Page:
A friend of mine, Connor Boyack, runs a libertarian think-tank here in the State of Utah, named Libertas Institute. They’ve made a lot of progress in pushing libertarian-based reforms here in the state. One of their current efforts involves banning police quotas.
In a Facebook post by Connor about interviewing a police officer about quotas (and who requested anonymity), another friend of ours wrote,
Quotas are an insult to the profession of policing. It turns trained professionals who are supposedly hired for their judgement and skill into automatons–basically robots with a heartbeat.
To which I immediately responded with,
Policing is an insult to justice.
A solid quip, if I do say so myself. Is it true? In my opinion, completely.
Justice is the righting of wrongs, the making whole again. For there to be “justice served” you need two elements, 1) a crime, and 2) restitution.
Policing as we know it today throughout the United States and elsewhere is primarily tasked with law enforcement. It is the laws of states that are enforced, no matter how right or wrong in the opinion of police officers.
Two fundamentals points must be made here. The first is that a so-called state’s laws are nothing more than recorded opinions backed by a threat of violence (no different in kind than the “laws” of street gangs or mafias). The second is that most state laws are of the nature that violating them does not involve the creation of damages toward a victim. In other words, most laws simply prohibit liberties, not crimes.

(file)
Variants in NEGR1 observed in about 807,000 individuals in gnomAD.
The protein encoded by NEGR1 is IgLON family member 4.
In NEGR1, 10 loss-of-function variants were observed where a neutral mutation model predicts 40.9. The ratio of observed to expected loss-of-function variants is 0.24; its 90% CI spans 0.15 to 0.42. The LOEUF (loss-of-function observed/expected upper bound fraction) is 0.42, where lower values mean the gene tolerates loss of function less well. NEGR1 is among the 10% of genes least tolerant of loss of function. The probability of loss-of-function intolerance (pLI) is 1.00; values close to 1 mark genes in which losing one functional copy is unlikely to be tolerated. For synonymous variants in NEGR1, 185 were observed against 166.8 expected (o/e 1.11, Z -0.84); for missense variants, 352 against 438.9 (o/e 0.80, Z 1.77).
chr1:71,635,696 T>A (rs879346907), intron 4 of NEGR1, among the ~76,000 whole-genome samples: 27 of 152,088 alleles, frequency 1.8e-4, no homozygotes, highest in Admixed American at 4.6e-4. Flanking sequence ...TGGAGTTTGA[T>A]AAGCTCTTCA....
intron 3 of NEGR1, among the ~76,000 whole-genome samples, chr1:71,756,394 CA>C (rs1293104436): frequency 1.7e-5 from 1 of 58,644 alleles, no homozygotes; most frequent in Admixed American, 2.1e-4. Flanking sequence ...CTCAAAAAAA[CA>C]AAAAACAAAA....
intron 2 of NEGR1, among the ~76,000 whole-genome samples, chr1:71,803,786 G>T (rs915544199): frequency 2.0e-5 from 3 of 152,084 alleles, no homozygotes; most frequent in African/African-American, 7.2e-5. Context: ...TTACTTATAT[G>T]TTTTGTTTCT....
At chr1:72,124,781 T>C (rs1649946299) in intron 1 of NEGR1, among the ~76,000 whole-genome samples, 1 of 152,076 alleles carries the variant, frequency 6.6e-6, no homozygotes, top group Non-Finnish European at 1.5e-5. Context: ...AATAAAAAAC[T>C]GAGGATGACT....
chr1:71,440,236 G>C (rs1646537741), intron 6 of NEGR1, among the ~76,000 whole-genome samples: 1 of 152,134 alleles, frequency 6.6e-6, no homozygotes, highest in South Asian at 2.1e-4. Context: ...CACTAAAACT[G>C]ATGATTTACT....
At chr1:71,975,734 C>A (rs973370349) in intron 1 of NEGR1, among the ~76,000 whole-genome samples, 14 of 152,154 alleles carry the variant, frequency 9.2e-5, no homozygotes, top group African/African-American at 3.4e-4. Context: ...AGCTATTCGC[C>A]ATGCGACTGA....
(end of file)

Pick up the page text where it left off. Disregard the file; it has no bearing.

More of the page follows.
Since these laws are backed by threat of violence, their enforcement is a criminal act. One cannot serve justice in the process of creating an injustice. It’s an impossibility.
Further, when a real crime is committed, policing is used to generate profits for the state and its cronies in the forms of fines, prison contracts, and the tax codes to generate “revenue” to pay for them. More injustice is created, all the while restitution is either non-existent or relegated to the non-competitive tort system.
As I hope is obvious by this point, the practice of policing serves only to create and maintain new forms of injustice. That is why I say that policing is an insult to justice. In reality, it’s antithetical.
Quotas are not an insult to the profession of policing, rather, quotas are merely a feature, quite compatible with the type of predation that is the foundation of the policing profession.
Serving justice would require the abolition of quotes, the abolition of policing, the abolition of taxation, and the abolition of the state.